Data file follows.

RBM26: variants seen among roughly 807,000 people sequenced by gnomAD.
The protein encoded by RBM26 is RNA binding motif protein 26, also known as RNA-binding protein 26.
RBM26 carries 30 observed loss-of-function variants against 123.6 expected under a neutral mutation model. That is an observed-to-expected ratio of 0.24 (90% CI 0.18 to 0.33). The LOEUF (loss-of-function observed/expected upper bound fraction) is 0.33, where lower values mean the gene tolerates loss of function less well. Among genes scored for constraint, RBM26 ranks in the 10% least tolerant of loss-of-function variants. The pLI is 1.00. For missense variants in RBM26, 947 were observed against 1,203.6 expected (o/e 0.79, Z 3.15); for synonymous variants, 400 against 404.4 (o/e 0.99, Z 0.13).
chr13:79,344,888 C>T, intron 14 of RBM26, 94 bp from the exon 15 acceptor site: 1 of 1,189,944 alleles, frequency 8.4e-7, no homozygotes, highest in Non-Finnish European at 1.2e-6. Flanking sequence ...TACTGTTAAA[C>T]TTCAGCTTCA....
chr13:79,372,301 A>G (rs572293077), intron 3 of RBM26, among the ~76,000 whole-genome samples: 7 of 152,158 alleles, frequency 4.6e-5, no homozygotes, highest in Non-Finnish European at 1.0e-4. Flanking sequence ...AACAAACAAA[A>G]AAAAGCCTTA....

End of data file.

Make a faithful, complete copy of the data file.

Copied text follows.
RBM26: variants seen among roughly 807,000 people sequenced by gnomAD.
The protein encoded by RBM26 is RNA binding motif protein 26, also known as RNA-binding protein 26.
RBM26 carries 30 observed loss-of-function variants against 123.6 expected under a neutral mutation model. That is an observed-to-expected ratio of 0.24 (90% CI 0.18 to 0.33). The LOEUF (loss-of-function observed/expected upper bound fraction) is 0.33, where lower values mean the gene tolerates loss of function less well. Among genes scored for constraint, RBM26 ranks in the 10% least tolerant of loss-of-function variants. The pLI is 1.00. For missense variants in RBM26, 947 were observed against 1,203.6 expected (o/e 0.79, Z 3.15); for synonymous variants, 400 against 404.4 (o/e 0.99, Z 0.13).
chr13:79,344,888 C>T, intron 14 of RBM26, 94 bp from the exon 15 acceptor site: 1 of 1,189,944 alleles, frequency 8.4e-7, no homozygotes, highest in Non-Finnish European at 1.2e-6. Flanking sequence ...TACTGTTAAA[C>T]TTCAGCTTCA....
chr13:79,372,301 A>G (rs572293077), intron 3 of RBM26, among the ~76,000 whole-genome samples: 7 of 152,158 alleles, frequency 4.6e-5, no homozygotes, highest in Non-Finnish European at 1.0e-4. Flanking sequence ...AACAAACAAA[A>G]AAAAGCCTTA....